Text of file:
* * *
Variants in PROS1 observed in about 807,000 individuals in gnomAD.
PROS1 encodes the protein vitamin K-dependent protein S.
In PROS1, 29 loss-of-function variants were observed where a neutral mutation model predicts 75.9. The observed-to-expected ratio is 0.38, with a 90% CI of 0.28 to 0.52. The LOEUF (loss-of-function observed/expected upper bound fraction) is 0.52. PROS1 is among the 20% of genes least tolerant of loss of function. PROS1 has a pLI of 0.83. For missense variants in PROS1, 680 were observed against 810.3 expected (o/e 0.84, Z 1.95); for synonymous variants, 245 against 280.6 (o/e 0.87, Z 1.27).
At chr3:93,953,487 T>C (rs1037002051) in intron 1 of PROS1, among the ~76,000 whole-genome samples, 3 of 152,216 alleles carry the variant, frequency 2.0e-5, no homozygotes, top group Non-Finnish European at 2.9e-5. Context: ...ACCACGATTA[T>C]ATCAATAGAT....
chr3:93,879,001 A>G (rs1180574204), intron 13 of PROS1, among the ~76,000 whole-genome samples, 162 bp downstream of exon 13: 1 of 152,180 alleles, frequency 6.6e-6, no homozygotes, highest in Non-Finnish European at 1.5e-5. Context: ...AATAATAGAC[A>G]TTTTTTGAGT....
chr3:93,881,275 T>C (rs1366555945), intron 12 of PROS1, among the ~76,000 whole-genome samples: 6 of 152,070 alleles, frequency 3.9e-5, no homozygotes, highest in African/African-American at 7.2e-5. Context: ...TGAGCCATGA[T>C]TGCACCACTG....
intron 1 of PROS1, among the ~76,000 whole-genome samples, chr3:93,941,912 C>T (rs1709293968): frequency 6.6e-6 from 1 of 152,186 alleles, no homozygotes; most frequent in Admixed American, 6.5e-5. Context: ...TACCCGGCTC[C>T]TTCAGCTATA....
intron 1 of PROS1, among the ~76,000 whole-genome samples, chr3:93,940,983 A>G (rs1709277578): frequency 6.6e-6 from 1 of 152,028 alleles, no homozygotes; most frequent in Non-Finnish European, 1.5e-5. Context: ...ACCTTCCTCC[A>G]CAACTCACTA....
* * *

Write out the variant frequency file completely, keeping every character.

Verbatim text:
Variants in PROS1 observed in about 807,000 individuals in gnomAD.
PROS1 encodes the protein vitamin K-dependent protein S.
In PROS1, 29 loss-of-function variants were observed where a neutral mutation model predicts 75.9. The observed-to-expected ratio is 0.38, with a 90% CI of 0.28 to 0.52. The LOEUF (loss-of-function observed/expected upper bound fraction) is 0.52. PROS1 is among the 20% of genes least tolerant of loss of function. PROS1 has a pLI of 0.83. For missense variants in PROS1, 680 were observed against 810.3 expected (o/e 0.84, Z 1.95); for synonymous variants, 245 against 280.6 (o/e 0.87, Z 1.27).
At chr3:93,953,487 T>C (rs1037002051) in intron 1 of PROS1, among the ~76,000 whole-genome samples, 3 of 152,216 alleles carry the variant, frequency 2.0e-5, no homozygotes, top group Non-Finnish European at 2.9e-5. Context: ...ACCACGATTA[T>C]ATCAATAGAT....
chr3:93,879,001 A>G (rs1180574204), intron 13 of PROS1, among the ~76,000 whole-genome samples, 162 bp downstream of exon 13: 1 of 152,180 alleles, frequency 6.6e-6, no homozygotes, highest in Non-Finnish European at 1.5e-5. Context: ...AATAATAGAC[A>G]TTTTTTGAGT....
chr3:93,881,275 T>C (rs1366555945), intron 12 of PROS1, among the ~76,000 whole-genome samples: 6 of 152,070 alleles, frequency 3.9e-5, no homozygotes, highest in African/African-American at 7.2e-5. Context: ...TGAGCCATGA[T>C]TGCACCACTG....
intron 1 of PROS1, among the ~76,000 whole-genome samples, chr3:93,941,912 C>T (rs1709293968): frequency 6.6e-6 from 1 of 152,186 alleles, no homozygotes; most frequent in Admixed American, 6.5e-5. Context: ...TACCCGGCTC[C>T]TTCAGCTATA....
intron 1 of PROS1, among the ~76,000 whole-genome samples, chr3:93,940,983 A>G (rs1709277578): frequency 6.6e-6 from 1 of 152,028 alleles, no homozygotes; most frequent in Non-Finnish European, 1.5e-5. Context: ...ACCTTCCTCC[A>G]CAACTCACTA....